Photoprotective effects of glucomannan isolated from Candida utilis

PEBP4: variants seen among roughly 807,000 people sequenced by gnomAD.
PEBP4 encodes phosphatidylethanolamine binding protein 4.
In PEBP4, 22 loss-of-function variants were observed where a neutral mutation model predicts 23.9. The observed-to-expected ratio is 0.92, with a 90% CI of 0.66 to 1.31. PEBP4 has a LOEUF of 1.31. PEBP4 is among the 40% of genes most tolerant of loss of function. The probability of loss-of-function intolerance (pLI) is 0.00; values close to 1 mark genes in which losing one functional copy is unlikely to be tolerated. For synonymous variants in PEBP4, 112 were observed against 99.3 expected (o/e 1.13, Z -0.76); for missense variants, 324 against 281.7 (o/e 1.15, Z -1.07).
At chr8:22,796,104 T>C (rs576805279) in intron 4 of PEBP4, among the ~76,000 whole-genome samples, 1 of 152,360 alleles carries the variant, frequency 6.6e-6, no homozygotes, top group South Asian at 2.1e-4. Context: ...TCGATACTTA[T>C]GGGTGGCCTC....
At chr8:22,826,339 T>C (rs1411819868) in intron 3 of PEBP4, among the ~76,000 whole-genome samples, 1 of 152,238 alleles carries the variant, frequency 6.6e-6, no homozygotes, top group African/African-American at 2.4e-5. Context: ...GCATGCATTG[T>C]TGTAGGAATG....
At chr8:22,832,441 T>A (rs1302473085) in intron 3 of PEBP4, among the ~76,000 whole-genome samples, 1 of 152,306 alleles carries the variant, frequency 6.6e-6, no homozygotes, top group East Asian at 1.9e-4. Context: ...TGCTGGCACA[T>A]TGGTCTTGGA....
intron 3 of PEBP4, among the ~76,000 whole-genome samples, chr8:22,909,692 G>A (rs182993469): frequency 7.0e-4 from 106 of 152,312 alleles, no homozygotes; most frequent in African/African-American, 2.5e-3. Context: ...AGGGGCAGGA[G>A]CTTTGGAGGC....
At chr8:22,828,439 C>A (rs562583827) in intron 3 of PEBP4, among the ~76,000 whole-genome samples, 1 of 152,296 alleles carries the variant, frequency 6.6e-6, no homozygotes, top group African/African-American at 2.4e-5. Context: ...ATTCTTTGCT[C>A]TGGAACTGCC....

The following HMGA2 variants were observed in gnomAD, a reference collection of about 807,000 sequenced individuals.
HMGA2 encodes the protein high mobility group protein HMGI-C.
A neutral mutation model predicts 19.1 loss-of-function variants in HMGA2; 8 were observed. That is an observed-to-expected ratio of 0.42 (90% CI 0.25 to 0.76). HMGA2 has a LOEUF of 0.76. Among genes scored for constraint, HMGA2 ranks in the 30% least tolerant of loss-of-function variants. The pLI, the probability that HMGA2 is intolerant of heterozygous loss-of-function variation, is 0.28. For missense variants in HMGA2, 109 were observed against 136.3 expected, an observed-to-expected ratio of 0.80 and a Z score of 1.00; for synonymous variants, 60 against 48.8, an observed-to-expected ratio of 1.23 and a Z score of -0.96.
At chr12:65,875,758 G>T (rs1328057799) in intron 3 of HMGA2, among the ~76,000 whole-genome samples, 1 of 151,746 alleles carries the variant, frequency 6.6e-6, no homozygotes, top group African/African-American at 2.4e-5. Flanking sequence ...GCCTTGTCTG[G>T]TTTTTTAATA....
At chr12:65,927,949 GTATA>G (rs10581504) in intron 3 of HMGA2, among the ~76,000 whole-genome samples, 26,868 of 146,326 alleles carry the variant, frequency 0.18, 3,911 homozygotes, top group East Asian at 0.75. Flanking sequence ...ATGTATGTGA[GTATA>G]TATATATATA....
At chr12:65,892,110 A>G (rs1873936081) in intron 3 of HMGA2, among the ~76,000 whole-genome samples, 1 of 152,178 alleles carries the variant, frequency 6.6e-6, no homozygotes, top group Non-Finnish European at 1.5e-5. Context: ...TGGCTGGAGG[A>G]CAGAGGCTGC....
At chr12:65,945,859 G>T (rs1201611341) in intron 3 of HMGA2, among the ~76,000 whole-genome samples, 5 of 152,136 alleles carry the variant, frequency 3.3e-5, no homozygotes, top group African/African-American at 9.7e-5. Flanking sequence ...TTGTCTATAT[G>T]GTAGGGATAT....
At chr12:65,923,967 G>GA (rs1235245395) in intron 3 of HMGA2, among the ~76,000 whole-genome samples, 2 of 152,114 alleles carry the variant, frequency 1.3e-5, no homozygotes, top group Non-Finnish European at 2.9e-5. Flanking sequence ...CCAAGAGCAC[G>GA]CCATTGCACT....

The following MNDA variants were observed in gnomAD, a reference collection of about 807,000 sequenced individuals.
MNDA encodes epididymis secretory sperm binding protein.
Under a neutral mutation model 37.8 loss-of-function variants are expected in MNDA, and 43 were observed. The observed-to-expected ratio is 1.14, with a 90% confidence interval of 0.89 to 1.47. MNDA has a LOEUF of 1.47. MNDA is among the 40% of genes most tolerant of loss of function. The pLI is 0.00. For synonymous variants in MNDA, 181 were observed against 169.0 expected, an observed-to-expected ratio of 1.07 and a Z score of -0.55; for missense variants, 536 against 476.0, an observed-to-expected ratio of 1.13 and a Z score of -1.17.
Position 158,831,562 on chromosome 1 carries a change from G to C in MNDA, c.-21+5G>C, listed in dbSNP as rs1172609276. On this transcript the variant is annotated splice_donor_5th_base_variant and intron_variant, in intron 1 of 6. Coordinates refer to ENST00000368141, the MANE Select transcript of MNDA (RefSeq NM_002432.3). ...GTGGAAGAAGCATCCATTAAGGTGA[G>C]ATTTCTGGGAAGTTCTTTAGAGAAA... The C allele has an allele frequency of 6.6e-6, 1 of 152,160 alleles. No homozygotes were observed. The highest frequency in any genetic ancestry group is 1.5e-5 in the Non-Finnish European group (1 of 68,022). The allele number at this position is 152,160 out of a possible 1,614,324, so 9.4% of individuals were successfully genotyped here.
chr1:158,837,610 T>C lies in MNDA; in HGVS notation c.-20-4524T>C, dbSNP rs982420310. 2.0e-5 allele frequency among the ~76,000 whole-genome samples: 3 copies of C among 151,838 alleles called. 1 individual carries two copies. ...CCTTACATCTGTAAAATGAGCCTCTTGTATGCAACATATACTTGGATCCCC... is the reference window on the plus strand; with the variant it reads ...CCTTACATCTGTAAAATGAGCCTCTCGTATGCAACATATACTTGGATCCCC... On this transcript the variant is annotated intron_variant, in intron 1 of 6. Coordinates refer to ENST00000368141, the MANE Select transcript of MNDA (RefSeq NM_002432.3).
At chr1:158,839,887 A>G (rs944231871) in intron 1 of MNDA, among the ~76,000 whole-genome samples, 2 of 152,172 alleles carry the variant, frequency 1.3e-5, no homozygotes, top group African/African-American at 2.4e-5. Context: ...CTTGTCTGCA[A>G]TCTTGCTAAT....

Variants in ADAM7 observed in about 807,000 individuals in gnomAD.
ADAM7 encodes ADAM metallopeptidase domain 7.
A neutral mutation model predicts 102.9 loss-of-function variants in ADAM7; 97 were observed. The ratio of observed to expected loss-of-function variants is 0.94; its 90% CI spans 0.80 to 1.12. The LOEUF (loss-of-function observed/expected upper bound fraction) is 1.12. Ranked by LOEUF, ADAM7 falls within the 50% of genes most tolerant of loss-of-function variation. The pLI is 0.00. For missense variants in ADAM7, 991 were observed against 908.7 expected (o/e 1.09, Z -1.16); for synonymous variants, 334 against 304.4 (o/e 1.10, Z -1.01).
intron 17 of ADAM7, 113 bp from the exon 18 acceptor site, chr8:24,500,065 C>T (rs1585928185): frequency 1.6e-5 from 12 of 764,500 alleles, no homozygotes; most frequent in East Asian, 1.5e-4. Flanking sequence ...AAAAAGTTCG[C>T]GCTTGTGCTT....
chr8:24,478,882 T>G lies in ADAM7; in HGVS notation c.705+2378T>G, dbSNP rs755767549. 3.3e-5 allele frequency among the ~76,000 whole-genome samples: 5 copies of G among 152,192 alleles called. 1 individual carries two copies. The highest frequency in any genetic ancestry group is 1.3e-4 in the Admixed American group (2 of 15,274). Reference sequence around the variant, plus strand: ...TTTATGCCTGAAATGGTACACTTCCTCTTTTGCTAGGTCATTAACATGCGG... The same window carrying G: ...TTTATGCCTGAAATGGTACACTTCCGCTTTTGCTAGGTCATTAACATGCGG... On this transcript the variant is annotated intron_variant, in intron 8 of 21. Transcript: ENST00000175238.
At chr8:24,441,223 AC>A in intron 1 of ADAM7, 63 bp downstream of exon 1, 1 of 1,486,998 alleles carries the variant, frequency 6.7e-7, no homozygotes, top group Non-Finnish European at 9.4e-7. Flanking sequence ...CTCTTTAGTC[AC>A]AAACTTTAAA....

Glucomannans belong to yeast and fungal cell wall polysaccharides with known immunostimulatory and radioprotective effects. However, glucomannan protective effects against pathological consequences of skin exposure to short wavelength solar light, ultraviolet (UV) radiation, are unclear. Herein, a highly branched glucomannan (GM) isolated from the cell wall of Candida utilis, a member of the alpha-(1 ->6)-D-mannan group, was tested for its photoprotective effects in an in vitro model of UVB-irradiated human keratinocytes and an in vivo model of UV-induced erythema formation in human volunteers. GM suppressed the UVB-induced decrease of keratinocyte viability, which was connected with the suppression of UVB-induced keratinocyte apoptosis. GM reduced UVB-mediated caspase activation together with suppression of DNA fragment release into the cytoplasm. Furthermore, GM suppressed UVB-induced gene expression of pro-inflammatory markers including nuclear factor kappa B, inducible nitric oxide synthase, interleukins 8 and 1, together with suppression of prostaglandin E2 and interleukin 1 alpha protein release. In vivo, GM decreased UV-induced skin erythema formation, which was correlated with a decrease of phosholipase A(2) activity within the stratum corneum. It could be concluded that GM isolated from C. utilis possesses significant photoprotective effects on human keratinocytes in vitro as well as in vivo. (c) 2007 Elsevier Ltd. All rights reserved.